I was lukewarm on Deafheaven during their surge to the top of hipsterdom, despite willingly admitting I enjoy most up-and-coming mainstream metal bands. Their full adoption of post-rock vibes this time around sucked me in, even though I’ve been bored of that scene for years. Who knew, all post-rock needed to rejuvenate itself was a handsome man doing black metal screamies over the top? The guitar during those super chill sections is some of the most interesting melodic work I’ve heard in a while, and their ability to turn it up into their brand of blackgaze in an instant is perfection.
It was a tough battle with label-mates Svalbard, but the post-hardcore winner for me this year has to be Rolo Tomassi. Their bipolar approach comes together as one beautiful whole, revealing only the rawest characteristics of themselves. It’s the sort of sincerity that gives you chills; even the sorta-annoying four-minute intro track raises my hair. The way the soothing “Aftermath” flows into the brutal “Rituals” proves their incredible range right from the start.
1. Khemmis – Desolation
20 Buck Spin | Review
I’m very not surprised about this pick. So much so that I felt a pull to be a contrarian to myself and not do it. However, yet another spin and recalling the live performance slapped that stupid thought out of my head. Using a heavy-metal energy to oppose the typical slog of doom makes Desolation stand out in both Khemmis’ catalog and doom in general. While bands are investigating the depths of what is possible with doom metal and making some amazing and challenging records, Khemmis have offered a reprieve in the simple but elegant.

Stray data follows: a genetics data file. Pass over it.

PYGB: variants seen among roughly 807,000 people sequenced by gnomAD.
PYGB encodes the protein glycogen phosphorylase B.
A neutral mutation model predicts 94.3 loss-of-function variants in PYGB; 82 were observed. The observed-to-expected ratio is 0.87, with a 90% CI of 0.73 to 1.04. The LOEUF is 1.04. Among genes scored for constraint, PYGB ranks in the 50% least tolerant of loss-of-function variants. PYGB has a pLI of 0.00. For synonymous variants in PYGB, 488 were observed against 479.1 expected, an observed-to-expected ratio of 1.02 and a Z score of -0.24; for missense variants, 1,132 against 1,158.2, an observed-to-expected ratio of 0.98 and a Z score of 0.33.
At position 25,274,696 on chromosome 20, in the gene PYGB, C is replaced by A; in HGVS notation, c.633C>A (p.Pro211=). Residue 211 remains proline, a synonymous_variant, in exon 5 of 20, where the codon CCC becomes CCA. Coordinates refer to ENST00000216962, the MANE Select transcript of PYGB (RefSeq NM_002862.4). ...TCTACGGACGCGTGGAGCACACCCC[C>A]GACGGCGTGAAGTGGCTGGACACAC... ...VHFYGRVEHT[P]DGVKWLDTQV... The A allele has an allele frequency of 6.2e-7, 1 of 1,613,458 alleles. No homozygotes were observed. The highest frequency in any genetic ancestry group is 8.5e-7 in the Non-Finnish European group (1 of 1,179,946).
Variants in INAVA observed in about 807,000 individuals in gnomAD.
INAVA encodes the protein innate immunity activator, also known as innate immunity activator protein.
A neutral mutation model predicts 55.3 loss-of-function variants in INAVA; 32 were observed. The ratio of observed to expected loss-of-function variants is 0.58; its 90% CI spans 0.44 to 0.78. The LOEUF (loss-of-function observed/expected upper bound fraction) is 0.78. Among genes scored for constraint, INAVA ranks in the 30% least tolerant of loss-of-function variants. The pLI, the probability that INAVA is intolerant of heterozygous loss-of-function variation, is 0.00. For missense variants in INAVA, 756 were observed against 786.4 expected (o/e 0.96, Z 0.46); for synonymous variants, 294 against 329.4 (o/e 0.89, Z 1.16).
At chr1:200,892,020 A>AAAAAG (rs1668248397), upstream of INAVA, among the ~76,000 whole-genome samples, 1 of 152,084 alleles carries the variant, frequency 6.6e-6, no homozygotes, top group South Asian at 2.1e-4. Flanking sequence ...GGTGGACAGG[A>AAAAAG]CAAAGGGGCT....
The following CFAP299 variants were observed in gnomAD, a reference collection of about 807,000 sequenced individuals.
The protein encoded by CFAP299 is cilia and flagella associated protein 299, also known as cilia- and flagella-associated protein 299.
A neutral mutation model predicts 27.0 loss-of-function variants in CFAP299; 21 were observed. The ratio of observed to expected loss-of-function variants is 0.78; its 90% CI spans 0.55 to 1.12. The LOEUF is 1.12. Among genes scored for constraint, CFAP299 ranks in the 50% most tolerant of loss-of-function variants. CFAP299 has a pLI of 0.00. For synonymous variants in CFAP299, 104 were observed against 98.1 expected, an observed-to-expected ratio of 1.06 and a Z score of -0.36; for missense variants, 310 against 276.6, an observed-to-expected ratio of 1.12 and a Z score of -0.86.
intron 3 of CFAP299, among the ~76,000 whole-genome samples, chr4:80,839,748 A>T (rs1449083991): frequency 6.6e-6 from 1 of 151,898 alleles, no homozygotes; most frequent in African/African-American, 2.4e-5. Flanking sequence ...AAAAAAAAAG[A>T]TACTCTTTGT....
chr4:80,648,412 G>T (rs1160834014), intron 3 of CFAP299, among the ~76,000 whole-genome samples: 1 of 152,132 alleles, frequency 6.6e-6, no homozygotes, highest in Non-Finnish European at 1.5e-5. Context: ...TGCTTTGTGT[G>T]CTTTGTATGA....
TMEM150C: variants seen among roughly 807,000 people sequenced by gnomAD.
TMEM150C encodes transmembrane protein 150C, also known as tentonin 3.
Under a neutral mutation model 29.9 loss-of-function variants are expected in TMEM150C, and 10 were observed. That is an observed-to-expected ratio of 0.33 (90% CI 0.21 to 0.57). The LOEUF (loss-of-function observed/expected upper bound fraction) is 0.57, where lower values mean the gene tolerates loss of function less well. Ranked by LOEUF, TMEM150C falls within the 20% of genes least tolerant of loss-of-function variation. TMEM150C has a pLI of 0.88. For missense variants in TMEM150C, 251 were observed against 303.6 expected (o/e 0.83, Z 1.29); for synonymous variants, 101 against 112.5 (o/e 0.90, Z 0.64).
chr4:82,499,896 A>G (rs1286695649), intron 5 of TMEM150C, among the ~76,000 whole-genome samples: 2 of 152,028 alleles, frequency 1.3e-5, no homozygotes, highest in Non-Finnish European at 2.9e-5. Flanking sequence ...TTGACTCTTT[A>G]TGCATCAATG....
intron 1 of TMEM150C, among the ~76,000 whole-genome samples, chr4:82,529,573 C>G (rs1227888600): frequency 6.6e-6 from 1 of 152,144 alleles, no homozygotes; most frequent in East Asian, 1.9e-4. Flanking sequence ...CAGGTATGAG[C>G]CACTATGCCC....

Originally it was my intention to present no others, than black metal records on this list of mine, as basically 95% of my musical diet has consisted of it for the last 6 months or so (which is even more than usually). Alas, the task proved arduous and some records are just too dam(on) good to be left out, and thus, the notion was abandoned. Now 2018 was a good year, a ton of good records were released, as per usual, but apparently it wasn’t an amazing one. The first four records slipped right into their places, practically as soon as I first heard them, and I had no difficulties what the fifth ought to be either, but every album ranked 6-10 was a struggle. There were numerous albums I had liked, but only very few I had loved. Very few that I deemed good enough to be considered for the list, and fewer still worthy of inclusion. Eventually I had to abandon the notion of an all-metal list as well. Thing. I don’t like thing.
10. Spectral Wound – Infernal Decadence
Vendetta Records – No Review, Blame Hans
For the longest time, I planned on putting Svartidaudi here. But I don’t quite feel at odds with the record yet, as if any opinion I could give of it now, no matter the contents would be unfair for myself, or the band. So take this Spectral Wound instead… Look what do you want from me? Fine. It’s black metal, the heavily blast beat adorned kind of black metal. But it’s also short and the riffs are twisting, contorting and catchy, which means it’s never a problem. Thing is, you already have this album, or you’re not gonna click on that link anyways. You’ll not-do it just to spite me! I know that, and you know that, so why are we still standing here pretending that isn’t the case?
9. CMX – Alkuteos
Ratas Music Group – [Feature not found]